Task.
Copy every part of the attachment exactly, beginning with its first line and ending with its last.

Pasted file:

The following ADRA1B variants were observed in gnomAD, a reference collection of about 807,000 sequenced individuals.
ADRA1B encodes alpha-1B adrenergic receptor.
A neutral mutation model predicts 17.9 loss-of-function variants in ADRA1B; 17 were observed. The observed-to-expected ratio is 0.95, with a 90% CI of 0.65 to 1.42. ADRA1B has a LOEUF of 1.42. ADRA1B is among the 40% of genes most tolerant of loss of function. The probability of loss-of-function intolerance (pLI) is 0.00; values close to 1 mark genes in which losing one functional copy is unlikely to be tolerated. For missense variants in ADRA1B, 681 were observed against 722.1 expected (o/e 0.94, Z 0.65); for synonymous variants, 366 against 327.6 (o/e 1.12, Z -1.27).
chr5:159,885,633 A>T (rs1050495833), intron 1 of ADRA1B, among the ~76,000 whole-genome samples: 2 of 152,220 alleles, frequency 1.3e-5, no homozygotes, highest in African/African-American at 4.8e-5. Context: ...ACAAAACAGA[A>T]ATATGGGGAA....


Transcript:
The following ADRA1B variants were observed in gnomAD, a reference collection of about 807,000 sequenced individuals.
ADRA1B encodes alpha-1B adrenergic receptor.
A neutral mutation model predicts 17.9 loss-of-function variants in ADRA1B; 17 were observed. The observed-to-expected ratio is 0.95, with a 90% CI of 0.65 to 1.42. ADRA1B has a LOEUF of 1.42. ADRA1B is among the 40% of genes most tolerant of loss of function. The probability of loss-of-function intolerance (pLI) is 0.00; values close to 1 mark genes in which losing one functional copy is unlikely to be tolerated. For missense variants in ADRA1B, 681 were observed against 722.1 expected (o/e 0.94, Z 0.65); for synonymous variants, 366 against 327.6 (o/e 1.12, Z -1.27).
chr5:159,885,633 A>T (rs1050495833), intron 1 of ADRA1B, among the ~76,000 whole-genome samples: 2 of 152,220 alleles, frequency 1.3e-5, no homozygotes, highest in African/African-American at 4.8e-5. Context: ...ACAAAACAGA[A>T]ATATGGGGAA....